> The Top 7 Women in Science Who’ve Made History That You May Not Know but You Should

The Top 7 Women in Science Who’ve Made History That You May Not Know but You Should

March is Women’s History Month– but today also happens to be International Women’s Day. With that said, we feel extra obligated to educate you about a few remarkable people in a piece called, The Top 7 Women in Science Who’ve Made History That You May Not Know but You Should


Tiera Guinn Fletcher (age 24) is an African American engineer who graduated from MIT in 2017 and works for Boeing. She is one of the designers and structural analysts building the Space Launch System for NASA which is set to send people to Mars. On November 8, 2018, Fletcher won the Most Promising Engineer – Industry Award at the 2019 Black Engineer of the Year Awards.

Rosalind Franklin (1920-1958) was a British biophysicist and X-ray crystallographer who made contributions to the understanding of the molecular structures of DNA, RNA, viruses, coal, and graphite. Although her works on coal and viruses were appreciated in her lifetime, her contributions to the discovery of the structure of DNA were largely recognised posthumously.

Mae C. Jemison (b. 1956) is the first African-American female astronaut. In 1992, she became the first black woman in space. Before entering the space program, she was a medical doctor who served with the Peace Corps in Sierra Leone and Liberia. She has also appeared as an actress in an episode of “Star Trek: The Next Generation”. She is a dancer and holds nine honorary doctorates in science, engineering, letters, and the humanities.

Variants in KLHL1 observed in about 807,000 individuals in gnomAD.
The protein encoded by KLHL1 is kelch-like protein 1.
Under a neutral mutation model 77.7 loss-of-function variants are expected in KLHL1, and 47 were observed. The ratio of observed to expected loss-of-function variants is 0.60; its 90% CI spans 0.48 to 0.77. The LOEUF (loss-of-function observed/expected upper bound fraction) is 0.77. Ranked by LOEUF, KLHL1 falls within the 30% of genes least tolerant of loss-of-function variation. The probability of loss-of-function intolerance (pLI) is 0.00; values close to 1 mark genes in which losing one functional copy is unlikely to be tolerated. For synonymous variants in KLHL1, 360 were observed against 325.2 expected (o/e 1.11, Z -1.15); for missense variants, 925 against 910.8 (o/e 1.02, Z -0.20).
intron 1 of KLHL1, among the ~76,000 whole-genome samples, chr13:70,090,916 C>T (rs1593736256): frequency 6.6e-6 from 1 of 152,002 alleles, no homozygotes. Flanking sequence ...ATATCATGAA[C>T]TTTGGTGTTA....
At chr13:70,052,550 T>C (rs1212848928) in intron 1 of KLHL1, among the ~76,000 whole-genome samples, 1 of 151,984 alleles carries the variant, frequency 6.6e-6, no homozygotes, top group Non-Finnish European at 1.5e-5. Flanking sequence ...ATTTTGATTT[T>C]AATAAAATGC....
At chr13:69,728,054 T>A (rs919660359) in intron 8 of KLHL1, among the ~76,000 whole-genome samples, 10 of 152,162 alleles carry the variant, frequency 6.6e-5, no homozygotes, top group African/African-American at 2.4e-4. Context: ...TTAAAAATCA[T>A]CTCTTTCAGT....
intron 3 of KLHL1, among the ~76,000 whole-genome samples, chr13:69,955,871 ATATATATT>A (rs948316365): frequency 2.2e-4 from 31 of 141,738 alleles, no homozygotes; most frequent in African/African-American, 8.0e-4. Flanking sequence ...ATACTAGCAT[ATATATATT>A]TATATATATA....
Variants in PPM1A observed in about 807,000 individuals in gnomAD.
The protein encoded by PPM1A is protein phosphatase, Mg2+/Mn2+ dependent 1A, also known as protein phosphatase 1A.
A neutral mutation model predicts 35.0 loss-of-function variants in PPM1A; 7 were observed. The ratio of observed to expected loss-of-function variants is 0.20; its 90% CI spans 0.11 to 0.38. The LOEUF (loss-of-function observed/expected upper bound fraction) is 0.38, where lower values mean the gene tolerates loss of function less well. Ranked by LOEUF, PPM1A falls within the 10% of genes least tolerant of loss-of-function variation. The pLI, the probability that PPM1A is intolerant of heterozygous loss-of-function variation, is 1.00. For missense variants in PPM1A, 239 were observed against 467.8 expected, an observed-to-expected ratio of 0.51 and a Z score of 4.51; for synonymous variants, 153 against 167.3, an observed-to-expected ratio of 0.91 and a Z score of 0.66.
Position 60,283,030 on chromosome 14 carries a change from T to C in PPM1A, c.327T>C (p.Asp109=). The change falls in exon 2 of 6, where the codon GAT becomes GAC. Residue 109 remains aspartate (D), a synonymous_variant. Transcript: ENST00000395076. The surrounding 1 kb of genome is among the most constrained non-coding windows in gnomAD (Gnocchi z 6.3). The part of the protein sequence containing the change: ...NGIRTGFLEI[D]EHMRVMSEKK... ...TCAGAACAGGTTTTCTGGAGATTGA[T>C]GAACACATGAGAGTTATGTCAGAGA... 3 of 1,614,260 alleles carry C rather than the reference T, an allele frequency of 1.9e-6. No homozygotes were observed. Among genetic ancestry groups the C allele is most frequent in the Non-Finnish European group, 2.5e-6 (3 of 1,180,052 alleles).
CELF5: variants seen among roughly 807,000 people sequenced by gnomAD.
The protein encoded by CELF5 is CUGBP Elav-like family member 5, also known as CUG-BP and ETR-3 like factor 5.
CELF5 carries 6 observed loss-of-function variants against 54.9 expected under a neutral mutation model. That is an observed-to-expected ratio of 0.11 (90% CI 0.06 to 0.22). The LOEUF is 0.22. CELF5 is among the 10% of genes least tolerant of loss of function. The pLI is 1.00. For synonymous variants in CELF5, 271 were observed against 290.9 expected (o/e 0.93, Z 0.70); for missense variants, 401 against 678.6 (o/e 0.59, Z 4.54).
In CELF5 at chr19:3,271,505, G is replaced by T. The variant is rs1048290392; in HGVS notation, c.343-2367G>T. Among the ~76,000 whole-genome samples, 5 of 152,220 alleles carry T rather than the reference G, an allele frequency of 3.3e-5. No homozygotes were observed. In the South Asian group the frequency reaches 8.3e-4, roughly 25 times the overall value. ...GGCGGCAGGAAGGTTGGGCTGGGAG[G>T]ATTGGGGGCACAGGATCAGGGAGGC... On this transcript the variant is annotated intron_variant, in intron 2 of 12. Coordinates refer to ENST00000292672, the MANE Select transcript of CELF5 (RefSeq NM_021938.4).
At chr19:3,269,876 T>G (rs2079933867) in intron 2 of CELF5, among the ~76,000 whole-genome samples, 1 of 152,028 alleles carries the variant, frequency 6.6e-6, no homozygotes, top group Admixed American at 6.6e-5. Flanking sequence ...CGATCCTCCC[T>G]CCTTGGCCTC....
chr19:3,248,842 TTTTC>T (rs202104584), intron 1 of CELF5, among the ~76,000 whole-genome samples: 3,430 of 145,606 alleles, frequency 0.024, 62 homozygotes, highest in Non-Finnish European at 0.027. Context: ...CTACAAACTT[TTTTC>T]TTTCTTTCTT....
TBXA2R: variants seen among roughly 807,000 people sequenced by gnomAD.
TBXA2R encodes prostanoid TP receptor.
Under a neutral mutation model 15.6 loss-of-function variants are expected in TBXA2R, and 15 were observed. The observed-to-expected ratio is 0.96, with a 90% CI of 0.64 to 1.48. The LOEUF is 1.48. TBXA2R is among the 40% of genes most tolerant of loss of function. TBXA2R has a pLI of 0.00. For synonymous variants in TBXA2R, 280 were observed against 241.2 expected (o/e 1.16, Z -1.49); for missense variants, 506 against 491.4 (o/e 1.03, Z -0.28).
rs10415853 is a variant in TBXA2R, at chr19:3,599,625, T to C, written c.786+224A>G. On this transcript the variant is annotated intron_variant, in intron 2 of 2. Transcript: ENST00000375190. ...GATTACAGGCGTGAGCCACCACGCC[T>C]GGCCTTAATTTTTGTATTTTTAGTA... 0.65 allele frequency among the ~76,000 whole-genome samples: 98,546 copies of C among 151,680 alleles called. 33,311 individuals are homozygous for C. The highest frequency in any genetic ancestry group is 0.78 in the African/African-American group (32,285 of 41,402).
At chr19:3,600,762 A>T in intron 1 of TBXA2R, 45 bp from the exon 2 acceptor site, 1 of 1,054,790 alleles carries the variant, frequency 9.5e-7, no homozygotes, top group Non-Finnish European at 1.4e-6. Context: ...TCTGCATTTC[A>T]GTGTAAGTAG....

Maria Goeppert Mayer (1906-1972) was a German-born American theoretical physicist. She was the second woman to win a Nobel Prize in physics, the first being Marie Curie. She studied at Johns Hopkins during the Great Depression and persisted in her studies even when no university would employ her. Of her most famous contribution to modern physics is the discovery of the nuclear shell of the atomic nucleus, for which she won the Nobel Prize in 1963.

Austrian-Swedish physicist Lise Meitner (1878-1968) finished school at age 14, but she was barred from higher education, as were all girls in Austria. But she was determined to study radioactivity and when she turned 21, women were finally allowed into Austrian universities. Meitner, Otto Hahn and Otto Robert Frisch led the small group of scientists who first discovered nuclear fission of uranium when it absorbed an extra neutron. The discovery, which eventually led to the atomic bomb, won Otto Hahn the Nobel Prize in 1944. Meitner and Otto Frisch, did not share in the Nobel Prize in Chemistry for nuclear fission as it was awarded exclusively to Hahn. Though she was overlooked by the Nobel committee, Meitner continued her atomic research in Stockholm into her 80s.

Vera Rubin (1928-2016) proved that dark matter existed in the universe by concluding that invisible gravity sources were pulling planets and stars in certain directions. She was awarded the National Medal of Science in 1993 by President Clinton. The New York Times wrote after her death, “Dr. Rubin, cheerful and plain-spoken, had a lifelong love of the stars, championed women in science and was blunt about the limits of humankind’s vaunted knowledge of nature.”

Sau Lan Wu (b. 1940?) is a Chinese American particle physicist and the Enrico Fermi Distinguished Professor of Physics at the University of Wisconsin-Madison. She warmed up her theatrical career by discovering charm quarks and gluons, and then really changed the entire course of scientific history by helping to discover the Higgs boson particle, which is still the subject of cutting-edge science today.

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